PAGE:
Hair dilemmas

Hair dilemmas

Victoria Jackson ponders what to do with her long, thick locks during her yoga class

I f you know your yoga sutras, you’ll remember that Patanjali has a daunting list of ‘obstacles’ that might get in the way of practice. They are general issues like illness, doubt, laziness, carelessness. They’re so universal I think we can all identify with them at one time or another. We might also make a modern world addendum to this list involving more practical concerns like childcare, late-running meetings, traffic jams, not to mention boxed sets and comfy sofas. There are so many things that can make getting to yoga class more of an effort than it need be. We do love to complicate things. Perhaps there’s a human need to create obstacles for ourselves so we can then get the reward of overcoming them!
Just recently the difficulty I’m having with yoga is even more trivial than these mundane concerns. It’s my hair! Specifically
my very long, very thick hair. How do I tie it up so it doesn’t get in the way when I practice? As a braid or ponytail, it is now so heavy that it literally pulls me off alignment in standing poses — as I move it’ll suddenly swing past my eye and unbalance me. And the day
I put it up into a neat bun I went to a class was all about headstand and I had to rethink the topknot idea mid-sequence — or learn to levitate upside-down.

So in the modern way of things, I posted my dilemma on social media. Short of getting a haircut, what style would keep the hair out of my eyes and still allow me to do most postures without needing to fiddle with it? The recommendation was twin braids: they’d hang down my back, leaving the back and crown of my head free for headstand and supine postures. Plus the symmetry would be less unbalancing when I was flowing through standing postures. So for a while I went to class looking like a rather mature St Trinian’s reject and, despite the naughty schoolgirl look, I have to admit that it did solve a lot of the irritation I had been feeling during my yoga practice.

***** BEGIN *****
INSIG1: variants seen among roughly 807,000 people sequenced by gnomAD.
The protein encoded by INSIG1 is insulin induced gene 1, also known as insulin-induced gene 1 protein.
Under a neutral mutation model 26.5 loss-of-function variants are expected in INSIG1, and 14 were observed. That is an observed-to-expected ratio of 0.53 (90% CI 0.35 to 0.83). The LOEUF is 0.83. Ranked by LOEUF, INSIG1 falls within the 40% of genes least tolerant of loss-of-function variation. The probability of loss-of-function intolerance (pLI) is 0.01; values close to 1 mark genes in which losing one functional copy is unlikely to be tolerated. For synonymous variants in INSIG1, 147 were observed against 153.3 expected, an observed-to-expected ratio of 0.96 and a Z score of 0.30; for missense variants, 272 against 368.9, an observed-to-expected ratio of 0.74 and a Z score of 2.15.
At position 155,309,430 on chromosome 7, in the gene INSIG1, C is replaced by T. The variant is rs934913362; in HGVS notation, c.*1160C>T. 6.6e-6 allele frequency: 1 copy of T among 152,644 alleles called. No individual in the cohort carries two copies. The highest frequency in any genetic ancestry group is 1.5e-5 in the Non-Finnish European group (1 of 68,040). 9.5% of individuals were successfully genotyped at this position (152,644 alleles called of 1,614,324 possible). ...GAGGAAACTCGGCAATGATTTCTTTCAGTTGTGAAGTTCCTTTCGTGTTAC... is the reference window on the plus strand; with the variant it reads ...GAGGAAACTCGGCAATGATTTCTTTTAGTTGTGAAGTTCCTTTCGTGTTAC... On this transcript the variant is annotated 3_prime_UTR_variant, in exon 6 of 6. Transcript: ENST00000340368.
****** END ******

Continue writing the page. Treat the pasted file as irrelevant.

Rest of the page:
But now I’ve gone for a more radical solution and had it cut shorter, as I’d always intended once it was long enough for me to donate a good length of hair for wig-making. This shorter hairdo is much less distracting during yoga. It also eliminates other related modern hindrances to practice — I don’t waste time searching for hairbands and clips and it’s reduced blowdry time so I don’t ever go to bed with wet hair after late night classes. I like to think Patanjali would have approved.

Victoria Jackson lives and teaches in Oxford. She is registered with Yoga Alliance Professionals as a vinyasa yoga teacher

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